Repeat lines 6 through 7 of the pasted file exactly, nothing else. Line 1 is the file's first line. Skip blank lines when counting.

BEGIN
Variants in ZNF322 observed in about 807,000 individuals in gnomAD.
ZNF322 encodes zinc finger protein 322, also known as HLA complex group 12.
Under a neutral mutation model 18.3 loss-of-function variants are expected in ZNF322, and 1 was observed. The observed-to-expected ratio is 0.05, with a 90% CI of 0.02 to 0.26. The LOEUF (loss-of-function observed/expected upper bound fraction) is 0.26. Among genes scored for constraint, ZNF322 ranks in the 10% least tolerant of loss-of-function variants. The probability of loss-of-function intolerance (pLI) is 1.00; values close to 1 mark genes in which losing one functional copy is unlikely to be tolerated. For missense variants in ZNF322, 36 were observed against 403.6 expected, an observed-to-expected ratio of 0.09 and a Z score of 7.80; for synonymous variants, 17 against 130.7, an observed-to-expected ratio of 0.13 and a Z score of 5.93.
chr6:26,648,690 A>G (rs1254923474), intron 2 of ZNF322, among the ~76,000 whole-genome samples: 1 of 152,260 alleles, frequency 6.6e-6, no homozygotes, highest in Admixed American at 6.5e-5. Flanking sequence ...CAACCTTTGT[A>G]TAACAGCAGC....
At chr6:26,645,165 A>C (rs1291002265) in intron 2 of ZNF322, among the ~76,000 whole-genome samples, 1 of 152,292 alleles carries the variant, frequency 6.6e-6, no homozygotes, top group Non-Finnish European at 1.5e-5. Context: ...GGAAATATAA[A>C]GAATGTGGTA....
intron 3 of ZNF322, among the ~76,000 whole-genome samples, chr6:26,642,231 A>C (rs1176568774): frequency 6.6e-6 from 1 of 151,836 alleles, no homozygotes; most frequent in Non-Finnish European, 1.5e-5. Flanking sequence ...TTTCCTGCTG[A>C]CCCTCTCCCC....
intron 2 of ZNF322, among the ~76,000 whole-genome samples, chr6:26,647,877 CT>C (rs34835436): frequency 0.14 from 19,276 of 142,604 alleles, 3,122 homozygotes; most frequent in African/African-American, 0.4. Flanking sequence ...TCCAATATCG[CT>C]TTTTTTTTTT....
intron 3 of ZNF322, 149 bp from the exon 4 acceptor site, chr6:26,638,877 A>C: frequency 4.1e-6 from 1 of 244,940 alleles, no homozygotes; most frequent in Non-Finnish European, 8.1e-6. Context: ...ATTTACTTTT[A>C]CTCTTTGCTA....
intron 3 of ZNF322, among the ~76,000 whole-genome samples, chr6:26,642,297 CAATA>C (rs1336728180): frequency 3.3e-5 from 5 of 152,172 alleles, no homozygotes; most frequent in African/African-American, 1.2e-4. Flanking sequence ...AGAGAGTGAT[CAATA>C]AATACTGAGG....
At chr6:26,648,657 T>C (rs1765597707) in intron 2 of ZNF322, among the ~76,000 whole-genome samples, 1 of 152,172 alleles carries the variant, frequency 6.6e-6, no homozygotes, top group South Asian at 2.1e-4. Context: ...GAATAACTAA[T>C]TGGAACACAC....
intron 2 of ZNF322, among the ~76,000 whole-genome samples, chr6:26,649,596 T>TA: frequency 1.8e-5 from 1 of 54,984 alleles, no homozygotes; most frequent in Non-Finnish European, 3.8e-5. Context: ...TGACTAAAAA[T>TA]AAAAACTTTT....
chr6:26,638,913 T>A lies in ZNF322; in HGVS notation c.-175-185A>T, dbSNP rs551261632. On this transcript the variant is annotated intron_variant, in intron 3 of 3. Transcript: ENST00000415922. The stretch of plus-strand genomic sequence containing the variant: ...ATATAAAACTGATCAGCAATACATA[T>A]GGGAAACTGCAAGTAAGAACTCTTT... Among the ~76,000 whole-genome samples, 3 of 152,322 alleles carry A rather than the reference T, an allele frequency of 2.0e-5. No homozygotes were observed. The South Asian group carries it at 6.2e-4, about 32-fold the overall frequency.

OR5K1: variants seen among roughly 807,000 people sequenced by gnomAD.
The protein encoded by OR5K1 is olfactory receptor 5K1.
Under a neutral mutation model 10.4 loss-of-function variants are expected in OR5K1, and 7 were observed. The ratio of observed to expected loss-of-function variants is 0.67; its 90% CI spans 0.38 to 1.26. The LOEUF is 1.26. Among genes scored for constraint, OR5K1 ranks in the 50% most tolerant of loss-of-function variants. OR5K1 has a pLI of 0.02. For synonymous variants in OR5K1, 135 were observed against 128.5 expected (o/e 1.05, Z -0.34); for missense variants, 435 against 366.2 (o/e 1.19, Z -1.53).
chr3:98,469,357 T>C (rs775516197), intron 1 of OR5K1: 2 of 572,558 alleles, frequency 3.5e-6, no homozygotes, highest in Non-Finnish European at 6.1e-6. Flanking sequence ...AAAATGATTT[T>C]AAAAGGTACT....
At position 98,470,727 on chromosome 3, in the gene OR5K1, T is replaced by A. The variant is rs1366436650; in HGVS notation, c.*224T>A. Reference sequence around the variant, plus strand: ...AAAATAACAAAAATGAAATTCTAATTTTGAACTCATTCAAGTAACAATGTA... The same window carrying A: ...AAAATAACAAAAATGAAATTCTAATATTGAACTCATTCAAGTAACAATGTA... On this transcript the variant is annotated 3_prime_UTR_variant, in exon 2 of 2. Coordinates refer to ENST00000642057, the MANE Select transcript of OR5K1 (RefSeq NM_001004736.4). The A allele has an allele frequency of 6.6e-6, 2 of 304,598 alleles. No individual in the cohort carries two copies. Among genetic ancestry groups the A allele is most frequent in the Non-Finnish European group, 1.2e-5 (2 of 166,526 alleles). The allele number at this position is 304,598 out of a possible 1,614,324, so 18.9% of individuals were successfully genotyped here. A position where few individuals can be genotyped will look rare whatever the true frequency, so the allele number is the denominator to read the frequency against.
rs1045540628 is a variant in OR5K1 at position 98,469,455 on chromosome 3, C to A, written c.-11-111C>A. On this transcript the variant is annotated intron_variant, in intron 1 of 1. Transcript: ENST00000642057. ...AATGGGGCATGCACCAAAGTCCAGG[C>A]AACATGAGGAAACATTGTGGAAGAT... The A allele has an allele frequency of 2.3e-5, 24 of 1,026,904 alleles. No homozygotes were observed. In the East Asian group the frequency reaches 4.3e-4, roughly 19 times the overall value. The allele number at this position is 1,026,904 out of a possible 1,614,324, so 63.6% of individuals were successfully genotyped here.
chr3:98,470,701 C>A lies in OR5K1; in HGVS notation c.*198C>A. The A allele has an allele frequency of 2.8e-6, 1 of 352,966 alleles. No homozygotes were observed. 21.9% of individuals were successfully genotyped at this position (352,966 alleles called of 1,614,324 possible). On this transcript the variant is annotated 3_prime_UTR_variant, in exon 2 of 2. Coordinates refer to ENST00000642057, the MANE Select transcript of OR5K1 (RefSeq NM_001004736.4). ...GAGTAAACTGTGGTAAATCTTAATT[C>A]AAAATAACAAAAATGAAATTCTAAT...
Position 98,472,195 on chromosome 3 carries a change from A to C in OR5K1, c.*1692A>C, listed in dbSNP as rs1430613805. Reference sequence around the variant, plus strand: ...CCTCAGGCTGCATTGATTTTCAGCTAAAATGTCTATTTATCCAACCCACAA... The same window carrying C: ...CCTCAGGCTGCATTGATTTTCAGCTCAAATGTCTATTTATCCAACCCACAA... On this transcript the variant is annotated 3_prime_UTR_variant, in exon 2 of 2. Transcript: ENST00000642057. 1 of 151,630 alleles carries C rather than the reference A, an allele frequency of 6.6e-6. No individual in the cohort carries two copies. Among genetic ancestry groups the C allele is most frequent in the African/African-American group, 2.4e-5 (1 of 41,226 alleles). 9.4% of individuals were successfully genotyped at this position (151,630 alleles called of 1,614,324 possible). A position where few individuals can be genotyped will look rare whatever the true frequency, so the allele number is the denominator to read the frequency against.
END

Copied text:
intron 3 of ZNF322, among the ~76,000 whole-genome samples, chr6:26,642,231 A>C (rs1176568774): frequency 6.6e-6 from 1 of 151,836 alleles, no homozygotes; most frequent in Non-Finnish European, 1.5e-5. Flanking sequence ...TTTCCTGCTG[A>C]CCCTCTCCCC....
intron 2 of ZNF322, among the ~76,000 whole-genome samples, chr6:26,647,877 CT>C (rs34835436): frequency 0.14 from 19,276 of 142,604 alleles, 3,122 homozygotes; most frequent in African/African-American, 0.4. Flanking sequence ...TCCAATATCG[CT>C]TTTTTTTTTT....